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Molecular Analysis Reveals the Oldest Denisovan Fossils Yet

Denisova Cave has yielded new Denisovan remains associated with archaeological artifacts in its lowermost layers dating to 200,000 years ago

An international team, led by researchers from the Universities of Vienna and Tübingen, and the Max Planck Society, has identified five new human fossils from the key site of Denisova Cave in southern Siberia. The remains, which include three Denisovans and one Neanderthal,  were found in a secure and well dated  around 200,000-year-old context. Surrounded by archaeological remains such as stone tools and food refuse, the finds shed light on the adaptation strategies of these early hominins as they spread across Eurasia.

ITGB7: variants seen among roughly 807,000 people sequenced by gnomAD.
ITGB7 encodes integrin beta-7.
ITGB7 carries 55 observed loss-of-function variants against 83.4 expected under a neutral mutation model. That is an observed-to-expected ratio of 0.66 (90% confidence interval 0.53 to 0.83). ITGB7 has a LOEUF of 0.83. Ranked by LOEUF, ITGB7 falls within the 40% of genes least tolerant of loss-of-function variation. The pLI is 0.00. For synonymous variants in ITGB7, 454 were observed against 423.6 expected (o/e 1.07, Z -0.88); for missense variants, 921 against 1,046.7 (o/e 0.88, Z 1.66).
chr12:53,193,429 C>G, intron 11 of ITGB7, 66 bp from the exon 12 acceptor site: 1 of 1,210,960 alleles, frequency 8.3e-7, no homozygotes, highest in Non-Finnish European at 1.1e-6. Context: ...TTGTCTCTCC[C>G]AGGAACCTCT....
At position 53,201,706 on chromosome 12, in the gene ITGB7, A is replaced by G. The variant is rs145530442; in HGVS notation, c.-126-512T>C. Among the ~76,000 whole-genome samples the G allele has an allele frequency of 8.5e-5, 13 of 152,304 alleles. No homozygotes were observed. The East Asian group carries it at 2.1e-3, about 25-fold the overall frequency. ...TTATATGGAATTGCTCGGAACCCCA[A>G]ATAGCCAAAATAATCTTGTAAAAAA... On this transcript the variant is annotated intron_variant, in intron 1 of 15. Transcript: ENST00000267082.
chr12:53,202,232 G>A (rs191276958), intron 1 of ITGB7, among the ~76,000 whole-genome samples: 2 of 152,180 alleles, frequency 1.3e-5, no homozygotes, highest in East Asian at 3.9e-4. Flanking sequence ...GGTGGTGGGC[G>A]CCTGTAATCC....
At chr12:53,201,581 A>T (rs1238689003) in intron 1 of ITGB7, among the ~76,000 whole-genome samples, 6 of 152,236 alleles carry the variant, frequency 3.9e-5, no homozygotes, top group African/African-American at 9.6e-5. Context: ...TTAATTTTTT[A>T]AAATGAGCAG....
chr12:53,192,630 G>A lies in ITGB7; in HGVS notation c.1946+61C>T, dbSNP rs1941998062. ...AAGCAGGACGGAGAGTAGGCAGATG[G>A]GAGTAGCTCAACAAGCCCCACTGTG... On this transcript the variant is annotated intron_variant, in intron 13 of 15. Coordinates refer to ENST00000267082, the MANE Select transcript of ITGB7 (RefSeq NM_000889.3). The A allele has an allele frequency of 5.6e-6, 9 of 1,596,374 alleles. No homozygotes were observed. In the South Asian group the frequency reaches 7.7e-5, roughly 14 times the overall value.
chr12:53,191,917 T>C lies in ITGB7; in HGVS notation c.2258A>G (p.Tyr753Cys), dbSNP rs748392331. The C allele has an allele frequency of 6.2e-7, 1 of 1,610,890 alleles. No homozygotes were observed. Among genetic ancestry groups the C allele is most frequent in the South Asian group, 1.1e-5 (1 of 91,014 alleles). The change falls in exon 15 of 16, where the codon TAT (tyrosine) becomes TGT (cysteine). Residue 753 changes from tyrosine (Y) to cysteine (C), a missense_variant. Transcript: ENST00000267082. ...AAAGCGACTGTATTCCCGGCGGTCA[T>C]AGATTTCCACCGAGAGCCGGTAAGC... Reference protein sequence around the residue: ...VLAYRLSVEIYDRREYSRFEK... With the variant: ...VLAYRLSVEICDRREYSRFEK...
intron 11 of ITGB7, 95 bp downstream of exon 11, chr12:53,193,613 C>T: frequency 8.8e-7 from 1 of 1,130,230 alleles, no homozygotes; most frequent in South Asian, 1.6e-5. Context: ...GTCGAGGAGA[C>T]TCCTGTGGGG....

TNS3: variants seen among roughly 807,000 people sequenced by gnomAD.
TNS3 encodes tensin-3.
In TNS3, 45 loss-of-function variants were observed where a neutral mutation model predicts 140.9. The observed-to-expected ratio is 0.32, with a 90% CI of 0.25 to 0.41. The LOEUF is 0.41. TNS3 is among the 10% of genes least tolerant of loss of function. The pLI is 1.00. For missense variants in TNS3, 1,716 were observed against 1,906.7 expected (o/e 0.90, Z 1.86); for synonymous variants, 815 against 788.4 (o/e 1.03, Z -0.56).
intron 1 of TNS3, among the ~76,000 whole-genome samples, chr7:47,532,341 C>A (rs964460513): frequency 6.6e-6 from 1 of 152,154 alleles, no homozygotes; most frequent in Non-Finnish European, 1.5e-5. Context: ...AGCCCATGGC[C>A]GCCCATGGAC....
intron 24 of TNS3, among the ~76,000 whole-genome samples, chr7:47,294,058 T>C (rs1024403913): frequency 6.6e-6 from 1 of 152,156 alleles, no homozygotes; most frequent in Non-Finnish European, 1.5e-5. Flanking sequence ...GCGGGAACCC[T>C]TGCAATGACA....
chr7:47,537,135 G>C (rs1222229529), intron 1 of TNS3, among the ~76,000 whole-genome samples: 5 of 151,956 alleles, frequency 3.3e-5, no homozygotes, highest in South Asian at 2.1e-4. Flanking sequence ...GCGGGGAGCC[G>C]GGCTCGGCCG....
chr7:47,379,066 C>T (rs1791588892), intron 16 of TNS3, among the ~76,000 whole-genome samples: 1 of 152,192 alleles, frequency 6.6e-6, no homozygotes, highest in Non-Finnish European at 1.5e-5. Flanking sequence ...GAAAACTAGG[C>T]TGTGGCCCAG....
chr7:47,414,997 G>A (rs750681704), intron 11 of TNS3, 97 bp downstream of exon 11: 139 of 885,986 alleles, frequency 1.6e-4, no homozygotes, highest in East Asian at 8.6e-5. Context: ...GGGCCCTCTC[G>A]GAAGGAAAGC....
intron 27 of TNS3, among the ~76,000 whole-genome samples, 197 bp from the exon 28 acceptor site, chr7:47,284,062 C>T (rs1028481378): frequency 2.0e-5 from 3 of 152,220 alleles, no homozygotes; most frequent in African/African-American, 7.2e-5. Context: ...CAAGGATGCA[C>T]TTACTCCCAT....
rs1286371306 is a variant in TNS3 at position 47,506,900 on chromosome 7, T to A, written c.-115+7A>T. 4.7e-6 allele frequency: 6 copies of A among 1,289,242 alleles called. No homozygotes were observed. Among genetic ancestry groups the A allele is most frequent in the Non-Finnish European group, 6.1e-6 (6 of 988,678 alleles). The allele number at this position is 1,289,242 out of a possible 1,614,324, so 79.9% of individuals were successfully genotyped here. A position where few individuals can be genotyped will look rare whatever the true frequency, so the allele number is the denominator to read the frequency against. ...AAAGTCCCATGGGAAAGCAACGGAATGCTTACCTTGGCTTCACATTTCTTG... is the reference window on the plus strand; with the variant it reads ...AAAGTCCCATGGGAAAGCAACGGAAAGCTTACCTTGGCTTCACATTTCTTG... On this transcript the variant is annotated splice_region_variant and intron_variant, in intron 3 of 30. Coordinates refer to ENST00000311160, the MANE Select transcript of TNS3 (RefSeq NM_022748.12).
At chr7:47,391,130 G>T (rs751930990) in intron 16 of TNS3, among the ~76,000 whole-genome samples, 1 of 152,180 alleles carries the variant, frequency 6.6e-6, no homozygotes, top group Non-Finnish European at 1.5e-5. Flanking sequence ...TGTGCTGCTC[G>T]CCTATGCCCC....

© IAET, Siberian Branch Russian Academy of Sciences